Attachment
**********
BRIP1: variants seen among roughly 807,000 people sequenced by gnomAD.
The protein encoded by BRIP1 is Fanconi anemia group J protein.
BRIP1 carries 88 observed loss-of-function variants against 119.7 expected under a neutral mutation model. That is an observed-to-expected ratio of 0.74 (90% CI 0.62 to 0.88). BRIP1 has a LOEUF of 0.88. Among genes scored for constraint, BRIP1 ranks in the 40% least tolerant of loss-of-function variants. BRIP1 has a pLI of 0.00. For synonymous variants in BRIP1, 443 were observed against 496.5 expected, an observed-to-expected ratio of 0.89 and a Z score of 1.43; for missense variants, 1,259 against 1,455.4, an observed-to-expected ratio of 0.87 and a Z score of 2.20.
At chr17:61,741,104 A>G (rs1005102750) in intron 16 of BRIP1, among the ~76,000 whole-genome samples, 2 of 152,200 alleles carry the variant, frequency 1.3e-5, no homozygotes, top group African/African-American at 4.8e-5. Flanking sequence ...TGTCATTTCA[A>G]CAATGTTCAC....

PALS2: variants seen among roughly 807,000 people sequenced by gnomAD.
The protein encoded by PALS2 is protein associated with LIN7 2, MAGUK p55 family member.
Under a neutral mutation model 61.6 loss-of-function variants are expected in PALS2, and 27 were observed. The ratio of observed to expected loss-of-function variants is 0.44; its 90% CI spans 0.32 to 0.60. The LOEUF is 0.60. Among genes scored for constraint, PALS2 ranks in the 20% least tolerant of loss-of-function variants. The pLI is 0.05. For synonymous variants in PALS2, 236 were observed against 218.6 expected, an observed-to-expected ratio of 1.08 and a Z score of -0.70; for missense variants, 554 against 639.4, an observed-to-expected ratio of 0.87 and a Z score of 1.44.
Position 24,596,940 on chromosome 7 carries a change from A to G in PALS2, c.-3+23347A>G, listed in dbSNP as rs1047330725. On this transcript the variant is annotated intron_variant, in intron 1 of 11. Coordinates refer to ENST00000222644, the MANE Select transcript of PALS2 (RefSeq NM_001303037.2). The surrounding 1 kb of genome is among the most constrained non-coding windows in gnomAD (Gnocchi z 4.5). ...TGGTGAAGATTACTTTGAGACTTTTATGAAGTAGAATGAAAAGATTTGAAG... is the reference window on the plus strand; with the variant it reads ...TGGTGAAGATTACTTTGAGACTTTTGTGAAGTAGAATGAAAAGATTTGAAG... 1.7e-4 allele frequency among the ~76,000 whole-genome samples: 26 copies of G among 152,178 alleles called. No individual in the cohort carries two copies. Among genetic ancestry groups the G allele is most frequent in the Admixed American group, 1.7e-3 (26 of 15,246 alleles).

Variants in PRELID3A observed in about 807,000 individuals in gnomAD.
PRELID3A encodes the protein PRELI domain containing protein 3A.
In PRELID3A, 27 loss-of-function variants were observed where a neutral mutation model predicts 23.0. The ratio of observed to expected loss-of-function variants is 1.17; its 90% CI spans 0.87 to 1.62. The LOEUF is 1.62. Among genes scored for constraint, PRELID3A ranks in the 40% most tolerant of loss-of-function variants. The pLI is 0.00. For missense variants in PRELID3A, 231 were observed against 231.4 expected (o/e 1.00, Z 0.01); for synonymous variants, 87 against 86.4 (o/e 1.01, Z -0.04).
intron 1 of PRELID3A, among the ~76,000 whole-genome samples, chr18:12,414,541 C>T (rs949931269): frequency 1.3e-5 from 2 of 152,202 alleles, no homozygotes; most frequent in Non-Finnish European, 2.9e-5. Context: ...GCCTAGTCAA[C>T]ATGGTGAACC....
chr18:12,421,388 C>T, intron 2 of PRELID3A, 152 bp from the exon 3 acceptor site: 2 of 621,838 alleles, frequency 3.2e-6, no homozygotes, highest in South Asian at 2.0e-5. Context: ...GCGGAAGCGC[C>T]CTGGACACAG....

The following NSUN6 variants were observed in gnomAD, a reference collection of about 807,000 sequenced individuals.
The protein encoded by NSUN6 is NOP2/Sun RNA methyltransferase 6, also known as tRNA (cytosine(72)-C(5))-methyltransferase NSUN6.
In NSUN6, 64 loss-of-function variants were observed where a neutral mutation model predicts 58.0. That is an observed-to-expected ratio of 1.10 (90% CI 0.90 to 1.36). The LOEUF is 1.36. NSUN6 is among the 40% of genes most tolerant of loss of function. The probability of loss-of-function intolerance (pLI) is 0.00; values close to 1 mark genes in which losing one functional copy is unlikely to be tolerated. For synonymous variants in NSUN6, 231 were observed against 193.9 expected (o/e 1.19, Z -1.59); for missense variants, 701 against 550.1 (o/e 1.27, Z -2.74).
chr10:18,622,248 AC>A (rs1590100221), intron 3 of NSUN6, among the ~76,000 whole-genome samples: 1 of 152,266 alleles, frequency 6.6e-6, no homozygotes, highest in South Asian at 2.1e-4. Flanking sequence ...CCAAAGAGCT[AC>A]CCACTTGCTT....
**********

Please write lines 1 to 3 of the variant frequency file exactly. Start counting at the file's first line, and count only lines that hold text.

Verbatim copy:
BRIP1: variants seen among roughly 807,000 people sequenced by gnomAD.
The protein encoded by BRIP1 is Fanconi anemia group J protein.
BRIP1 carries 88 observed loss-of-function variants against 119.7 expected under a neutral mutation model. That is an observed-to-expected ratio of 0.74 (90% CI 0.62 to 0.88). BRIP1 has a LOEUF of 0.88. Among genes scored for constraint, BRIP1 ranks in the 40% least tolerant of loss-of-function variants. BRIP1 has a pLI of 0.00. For synonymous variants in BRIP1, 443 were observed against 496.5 expected, an observed-to-expected ratio of 0.89 and a Z score of 1.43; for missense variants, 1,259 against 1,455.4, an observed-to-expected ratio of 0.87 and a Z score of 2.20.